The enV features a 2 megapixel camera which can snap shots up to 1600×1200 px. The images are bright, clear, and crisp, which is pretty good for a camera phone. (click to enlarge sample) The camcorder can record up to 1 hour clips at 320×240 px, but only 15 second clips can be mailed. Photos can be taken with the phone closed and held sideways like a traditional camera, but can also be taken using the larger internal display when open. Since the cam is on the back, the outside display turns on for self-portraits when flipped open. Other than that the phone also has a mechanical lens cover, flash, night shot, self-timer, and some extra effects.
Interface: 5/5 stars
We have to congratulate VZW for finally giving the interface a huge make over. The ugly red bars and menus are gone! The new “communicator” style has a new layour, soothing blue colors, and some animated items. However the important internal menus are still organized the same way as regular VZW phones. Some items in the main menu seem misplaced, but it isn’t a big issue. VZW has also included another style which is very similar to the classic theme, but with new icons/colors.
MicroSD: 4/5 stars
Music can be transfered to the phone using the “Sync” feature, however we were unable to do so since Verizon hasn’t released the USB cables or drivers yet. (check back for that) We instead directly copied the music onto the microSD card using an extra card reader/writer. Card access is easy, it is right under a flap on the right-side. Update: We got our Music Essentials Kit, but there are still some bugs. When syncing with Windows Media Player 11, the software keeps detecting the phone as a new device each time it’s plugged in. (auto-sync won’t work) We were also unable to get the Album Art to display on the phone, which worked perfectly with the KRZR. Card Reader/Writer Users: Format the card in your phone first. Folders for music, flix, and pics will be created. Finally just place the proper files into the correct folders.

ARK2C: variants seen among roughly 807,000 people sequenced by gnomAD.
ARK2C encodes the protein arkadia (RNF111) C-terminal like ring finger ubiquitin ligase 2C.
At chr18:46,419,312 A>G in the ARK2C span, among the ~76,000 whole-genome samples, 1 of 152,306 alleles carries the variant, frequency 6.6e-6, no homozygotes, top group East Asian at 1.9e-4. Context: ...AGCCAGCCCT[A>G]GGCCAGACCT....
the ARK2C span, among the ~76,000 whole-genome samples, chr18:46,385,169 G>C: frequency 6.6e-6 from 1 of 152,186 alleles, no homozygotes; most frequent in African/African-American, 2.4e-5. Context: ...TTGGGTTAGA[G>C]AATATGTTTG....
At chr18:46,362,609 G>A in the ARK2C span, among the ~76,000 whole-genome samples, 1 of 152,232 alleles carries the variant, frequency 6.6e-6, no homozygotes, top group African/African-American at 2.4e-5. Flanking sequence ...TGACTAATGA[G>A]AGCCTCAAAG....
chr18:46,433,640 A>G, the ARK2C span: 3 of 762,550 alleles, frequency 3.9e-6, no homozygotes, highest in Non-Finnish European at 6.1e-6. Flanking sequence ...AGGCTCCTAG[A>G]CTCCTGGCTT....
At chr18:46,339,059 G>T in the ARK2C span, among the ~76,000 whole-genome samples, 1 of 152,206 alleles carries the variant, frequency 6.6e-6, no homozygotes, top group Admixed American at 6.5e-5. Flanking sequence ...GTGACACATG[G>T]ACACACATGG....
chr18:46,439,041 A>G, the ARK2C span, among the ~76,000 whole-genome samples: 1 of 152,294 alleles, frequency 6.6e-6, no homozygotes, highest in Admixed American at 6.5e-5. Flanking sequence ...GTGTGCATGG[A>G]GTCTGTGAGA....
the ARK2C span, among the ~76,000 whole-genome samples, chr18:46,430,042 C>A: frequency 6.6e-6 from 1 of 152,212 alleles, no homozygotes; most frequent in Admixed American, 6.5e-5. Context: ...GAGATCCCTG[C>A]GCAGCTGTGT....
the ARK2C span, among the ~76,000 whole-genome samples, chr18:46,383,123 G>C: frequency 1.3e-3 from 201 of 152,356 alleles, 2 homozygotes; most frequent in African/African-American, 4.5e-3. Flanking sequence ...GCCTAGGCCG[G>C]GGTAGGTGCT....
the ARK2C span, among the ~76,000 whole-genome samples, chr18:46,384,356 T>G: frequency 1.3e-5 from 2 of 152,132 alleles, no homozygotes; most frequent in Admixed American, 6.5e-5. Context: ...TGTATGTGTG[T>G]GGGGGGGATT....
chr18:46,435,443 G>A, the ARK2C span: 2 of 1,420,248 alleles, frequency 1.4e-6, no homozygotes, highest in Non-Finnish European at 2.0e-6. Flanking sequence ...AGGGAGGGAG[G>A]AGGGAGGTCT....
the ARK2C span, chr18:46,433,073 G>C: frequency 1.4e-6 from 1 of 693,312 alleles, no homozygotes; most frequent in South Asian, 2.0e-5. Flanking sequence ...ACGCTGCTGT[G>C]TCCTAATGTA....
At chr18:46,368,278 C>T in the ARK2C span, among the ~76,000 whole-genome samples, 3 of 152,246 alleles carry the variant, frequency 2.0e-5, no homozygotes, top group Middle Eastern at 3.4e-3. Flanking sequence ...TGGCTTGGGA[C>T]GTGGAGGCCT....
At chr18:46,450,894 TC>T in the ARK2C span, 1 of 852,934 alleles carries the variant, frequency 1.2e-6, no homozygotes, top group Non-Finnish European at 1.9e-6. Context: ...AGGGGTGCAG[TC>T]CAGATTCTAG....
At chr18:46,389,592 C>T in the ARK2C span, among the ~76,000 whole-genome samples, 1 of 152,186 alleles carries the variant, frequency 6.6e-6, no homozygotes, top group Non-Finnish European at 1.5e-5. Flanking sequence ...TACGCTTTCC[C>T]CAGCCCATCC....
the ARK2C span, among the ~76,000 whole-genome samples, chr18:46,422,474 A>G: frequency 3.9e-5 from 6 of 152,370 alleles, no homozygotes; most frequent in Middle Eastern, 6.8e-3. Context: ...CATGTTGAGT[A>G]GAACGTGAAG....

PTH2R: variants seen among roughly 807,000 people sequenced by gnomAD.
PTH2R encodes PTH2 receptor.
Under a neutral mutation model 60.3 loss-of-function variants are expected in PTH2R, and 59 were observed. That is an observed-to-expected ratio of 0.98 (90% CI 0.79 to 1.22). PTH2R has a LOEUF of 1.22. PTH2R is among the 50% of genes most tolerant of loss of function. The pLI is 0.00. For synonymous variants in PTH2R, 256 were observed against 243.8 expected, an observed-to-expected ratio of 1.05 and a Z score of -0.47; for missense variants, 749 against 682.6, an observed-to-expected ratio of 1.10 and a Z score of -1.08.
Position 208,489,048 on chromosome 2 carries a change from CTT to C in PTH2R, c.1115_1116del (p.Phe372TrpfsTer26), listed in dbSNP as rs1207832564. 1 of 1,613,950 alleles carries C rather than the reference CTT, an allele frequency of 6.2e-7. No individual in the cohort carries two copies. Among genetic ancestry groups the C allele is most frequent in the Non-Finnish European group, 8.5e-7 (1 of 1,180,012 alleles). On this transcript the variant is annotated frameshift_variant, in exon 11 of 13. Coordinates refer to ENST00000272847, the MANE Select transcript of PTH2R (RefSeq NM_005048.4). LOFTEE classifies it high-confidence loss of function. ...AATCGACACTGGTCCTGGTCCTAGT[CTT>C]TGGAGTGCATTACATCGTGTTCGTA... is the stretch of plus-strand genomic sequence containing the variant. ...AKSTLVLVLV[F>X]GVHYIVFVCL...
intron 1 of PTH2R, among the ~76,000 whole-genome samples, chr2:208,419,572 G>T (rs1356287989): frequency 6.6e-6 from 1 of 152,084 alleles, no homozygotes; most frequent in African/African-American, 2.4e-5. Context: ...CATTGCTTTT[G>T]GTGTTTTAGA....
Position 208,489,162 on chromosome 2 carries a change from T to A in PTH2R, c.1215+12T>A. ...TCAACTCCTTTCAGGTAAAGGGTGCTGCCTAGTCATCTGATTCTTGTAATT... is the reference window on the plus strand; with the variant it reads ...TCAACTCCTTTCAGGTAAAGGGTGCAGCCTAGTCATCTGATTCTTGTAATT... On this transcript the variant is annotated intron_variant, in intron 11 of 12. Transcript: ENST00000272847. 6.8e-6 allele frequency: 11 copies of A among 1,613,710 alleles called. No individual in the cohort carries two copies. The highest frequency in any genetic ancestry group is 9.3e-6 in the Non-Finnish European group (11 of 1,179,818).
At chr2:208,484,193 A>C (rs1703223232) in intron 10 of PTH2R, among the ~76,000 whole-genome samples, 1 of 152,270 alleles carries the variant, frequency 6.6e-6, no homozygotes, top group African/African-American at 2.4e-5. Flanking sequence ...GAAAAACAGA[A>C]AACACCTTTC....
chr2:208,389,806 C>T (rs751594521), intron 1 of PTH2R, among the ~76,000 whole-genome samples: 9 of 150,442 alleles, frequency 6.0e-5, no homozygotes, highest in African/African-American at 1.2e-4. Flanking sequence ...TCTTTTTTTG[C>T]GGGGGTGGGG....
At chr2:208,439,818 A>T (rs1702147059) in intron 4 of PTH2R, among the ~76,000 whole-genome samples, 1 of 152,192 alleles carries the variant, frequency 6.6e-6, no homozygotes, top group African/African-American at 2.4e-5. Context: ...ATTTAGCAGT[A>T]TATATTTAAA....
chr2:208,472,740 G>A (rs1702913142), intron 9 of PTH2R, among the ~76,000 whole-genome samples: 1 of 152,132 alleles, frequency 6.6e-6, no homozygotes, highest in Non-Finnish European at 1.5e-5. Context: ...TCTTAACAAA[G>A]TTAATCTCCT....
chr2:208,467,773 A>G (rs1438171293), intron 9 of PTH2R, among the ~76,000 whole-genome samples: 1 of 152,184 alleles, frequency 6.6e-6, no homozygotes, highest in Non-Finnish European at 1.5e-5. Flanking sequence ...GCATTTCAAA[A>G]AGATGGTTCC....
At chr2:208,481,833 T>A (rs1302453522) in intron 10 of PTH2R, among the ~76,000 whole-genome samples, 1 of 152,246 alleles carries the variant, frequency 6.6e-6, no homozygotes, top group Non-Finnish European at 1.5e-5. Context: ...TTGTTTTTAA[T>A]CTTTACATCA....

Bluetooth: 5/5 stars
The Bluetooth (v1.2) on the enV now supports many new profiles, which include: headset (mono), hands free (ex. car), data modem, stereo speakers, image printing, contact cards, file transfer, and wireless keyboard. Supports saving up to 20 different device “pairings”.
Overall we would recommend this phone for people who take a lot of photos, heavy email users, music listeners, and “computer geeks”. If you usually only use your phone for making calls I’d suggest finding a smaller phone, which you will definitely appreciate more. If you do plan to get it, it will be available in stores and online starting Monday, November 27, 2006. If you are a current Verizon customer and are eligible for the every two year upgrade, the phone can be yours for as low as $50 + tax. However it will cost new customers signing up for a 2 year contract $150. New customers can get the phone for FREE after a Mail in Rebate online. (link below) For the features this phone has its an extremely good deal.